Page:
There’s been a general morphing of network security threats over the last couple of years—all the way from students hacking out of curiosity to organized crime working to steal money regardless of the consequences. Industrial and state-sponsored spying is also on the rise. Hacking is getting serious! As the number of new Internet users continues to grow exponentially, so will the security threats—especially identity theft—that can happen to you wherever or however you are logged in.

Companies now store and transmit increasing amounts of sensitive data, which has come into the reach of savvy cyber criminals who can obtain confidential company and patient information.

The upsurge of the Internet as a platform for business at the beginning of the 21st century added new enticements for cyber criminals. Organizations now store and transmit ever-increasing amounts of sensitive data. Suddenly, this data came into the view and reach of savvy cyber criminals. Now, with a little work, crooks are able to obtain confidential company information, customer data, credit card information, or intellectual property. Just as the new eBusiness paradigm provides organizations opportunities to reach new markets, they also provide organized crime new opportunities to exploit weak security, often reaping financial gains with little risk of being prosecuted.

I used to feel relatively safe while logged in at work until a couple of years ago when giant-sized companies were infiltrated. In late 2009, Chinese hackers compromised several very large and global organizations, including DuPont, Google, Northrop Grumman, Dow Chemical, Walt Disney Co, Sony Corp, Johnson & Johnson, and the General Electric Co. Dubbed Operation Aurora, a second wave of intrusions occurred about a year later. That is when it sort of hit me that there are no 100% safe harbors for network users.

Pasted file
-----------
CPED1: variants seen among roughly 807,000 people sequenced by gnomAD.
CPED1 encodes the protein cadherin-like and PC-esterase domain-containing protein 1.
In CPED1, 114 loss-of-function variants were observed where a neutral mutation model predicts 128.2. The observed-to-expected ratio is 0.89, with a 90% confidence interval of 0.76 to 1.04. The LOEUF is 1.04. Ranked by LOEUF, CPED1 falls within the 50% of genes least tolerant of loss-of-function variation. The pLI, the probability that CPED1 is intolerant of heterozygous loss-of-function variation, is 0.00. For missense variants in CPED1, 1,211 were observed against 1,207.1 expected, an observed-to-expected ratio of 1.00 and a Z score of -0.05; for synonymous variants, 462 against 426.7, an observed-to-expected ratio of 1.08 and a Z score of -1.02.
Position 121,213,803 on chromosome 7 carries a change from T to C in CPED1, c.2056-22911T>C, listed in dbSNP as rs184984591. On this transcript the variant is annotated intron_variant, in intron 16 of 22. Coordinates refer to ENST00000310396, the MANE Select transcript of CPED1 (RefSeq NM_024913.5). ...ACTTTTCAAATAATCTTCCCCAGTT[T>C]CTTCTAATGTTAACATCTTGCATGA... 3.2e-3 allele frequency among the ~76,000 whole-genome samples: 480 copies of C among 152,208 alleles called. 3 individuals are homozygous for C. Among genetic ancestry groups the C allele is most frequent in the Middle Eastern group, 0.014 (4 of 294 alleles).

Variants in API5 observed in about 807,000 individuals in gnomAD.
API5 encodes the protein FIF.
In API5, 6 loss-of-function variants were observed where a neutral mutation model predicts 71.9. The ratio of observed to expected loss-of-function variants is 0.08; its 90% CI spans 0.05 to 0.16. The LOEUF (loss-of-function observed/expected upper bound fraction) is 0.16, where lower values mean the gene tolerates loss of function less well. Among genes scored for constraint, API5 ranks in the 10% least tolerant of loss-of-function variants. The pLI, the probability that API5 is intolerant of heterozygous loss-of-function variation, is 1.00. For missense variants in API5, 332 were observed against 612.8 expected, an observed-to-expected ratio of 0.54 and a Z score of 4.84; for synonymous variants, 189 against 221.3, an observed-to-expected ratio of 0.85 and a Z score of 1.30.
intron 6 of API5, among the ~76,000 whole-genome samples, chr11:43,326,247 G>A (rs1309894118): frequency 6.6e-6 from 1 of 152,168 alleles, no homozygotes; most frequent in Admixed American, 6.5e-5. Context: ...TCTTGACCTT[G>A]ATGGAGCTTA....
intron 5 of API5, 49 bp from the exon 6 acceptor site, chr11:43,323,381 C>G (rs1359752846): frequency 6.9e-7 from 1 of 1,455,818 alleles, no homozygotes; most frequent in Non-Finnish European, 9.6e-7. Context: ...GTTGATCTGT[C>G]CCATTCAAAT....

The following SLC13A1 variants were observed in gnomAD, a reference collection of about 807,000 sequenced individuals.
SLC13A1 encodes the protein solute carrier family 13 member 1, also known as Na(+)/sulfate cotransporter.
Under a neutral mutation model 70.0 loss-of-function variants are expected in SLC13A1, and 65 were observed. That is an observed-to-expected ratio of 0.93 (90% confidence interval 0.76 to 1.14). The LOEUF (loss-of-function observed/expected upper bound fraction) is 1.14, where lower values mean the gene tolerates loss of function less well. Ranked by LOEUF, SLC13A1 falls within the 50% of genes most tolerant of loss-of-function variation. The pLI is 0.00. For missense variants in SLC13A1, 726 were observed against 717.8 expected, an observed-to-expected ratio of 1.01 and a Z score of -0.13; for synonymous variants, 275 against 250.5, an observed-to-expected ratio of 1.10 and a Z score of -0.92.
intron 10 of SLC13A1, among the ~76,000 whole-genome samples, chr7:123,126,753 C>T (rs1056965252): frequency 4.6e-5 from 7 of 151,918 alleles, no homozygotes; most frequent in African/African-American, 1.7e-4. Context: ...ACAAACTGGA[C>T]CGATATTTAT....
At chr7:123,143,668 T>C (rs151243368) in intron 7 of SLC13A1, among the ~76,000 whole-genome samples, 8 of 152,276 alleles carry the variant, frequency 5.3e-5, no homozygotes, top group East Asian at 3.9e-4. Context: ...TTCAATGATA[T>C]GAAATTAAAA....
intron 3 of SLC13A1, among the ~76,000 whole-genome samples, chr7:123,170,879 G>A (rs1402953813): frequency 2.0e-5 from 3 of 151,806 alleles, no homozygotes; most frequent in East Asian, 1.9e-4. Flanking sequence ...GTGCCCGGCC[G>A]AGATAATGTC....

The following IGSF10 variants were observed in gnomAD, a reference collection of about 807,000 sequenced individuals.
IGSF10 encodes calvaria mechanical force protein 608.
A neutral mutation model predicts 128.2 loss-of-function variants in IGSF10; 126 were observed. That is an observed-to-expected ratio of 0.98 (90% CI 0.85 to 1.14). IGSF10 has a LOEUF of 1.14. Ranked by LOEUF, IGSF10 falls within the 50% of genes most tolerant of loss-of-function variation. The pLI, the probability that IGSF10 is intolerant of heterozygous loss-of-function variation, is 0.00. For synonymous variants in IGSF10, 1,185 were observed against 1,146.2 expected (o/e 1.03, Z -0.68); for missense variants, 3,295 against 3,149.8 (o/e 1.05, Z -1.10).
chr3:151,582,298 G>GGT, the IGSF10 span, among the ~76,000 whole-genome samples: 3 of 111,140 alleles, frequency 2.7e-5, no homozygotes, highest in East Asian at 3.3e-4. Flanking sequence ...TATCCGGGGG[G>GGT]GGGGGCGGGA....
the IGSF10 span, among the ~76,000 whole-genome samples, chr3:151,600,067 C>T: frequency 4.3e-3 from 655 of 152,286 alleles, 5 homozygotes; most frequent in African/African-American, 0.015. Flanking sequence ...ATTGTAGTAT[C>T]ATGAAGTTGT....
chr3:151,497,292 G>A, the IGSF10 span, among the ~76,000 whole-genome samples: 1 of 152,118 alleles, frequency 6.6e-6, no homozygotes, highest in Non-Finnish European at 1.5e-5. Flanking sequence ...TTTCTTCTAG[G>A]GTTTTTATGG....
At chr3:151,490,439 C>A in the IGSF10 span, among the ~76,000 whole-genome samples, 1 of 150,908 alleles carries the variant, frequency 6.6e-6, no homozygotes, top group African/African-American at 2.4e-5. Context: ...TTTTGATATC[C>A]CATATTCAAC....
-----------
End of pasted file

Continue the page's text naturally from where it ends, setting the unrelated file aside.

Changes in cyber threats require changes in defense plans for the institutions and organizations we work for—not to mention for our own sake while we are logged on. In this two-part installment of “Networking,” we will take a look at Advanced Persistent Threats (APTs) and their trends, and consider how intrusion detection systems (IDS) and intrusion detection and prevention systems (IDPS) can be used to fight back.


Trends have changed from attacking the system to gain entry into an enterprise network to attacking the employee—the wetware layer. The wetware layer (network users) is the first stop for an APT process to find a way into your network. The wetware layer is where human weaknesses are exploited and taken advantage of. As Harry Newton—the editor of Newton’s Telecom Dictionary: Telecommunications, Networking, Information Technologies, The Internet, Wired, Wireless, Satellites, and Fiber—points out, “No system is immune to wetware exploits.”

And there are no lack of exploits. Security used to be measured by how many known virus signatures there were, as identified by the top scanners. It went from about 20,000 in 2002 and 2003 to 150,000 by 2006, to 700,000 by the next year, and all the way to 3,000,000 by 2009. These days there are more than 10,000,000 signatures to keep track of that defend against 286,000,000 kinds of threats.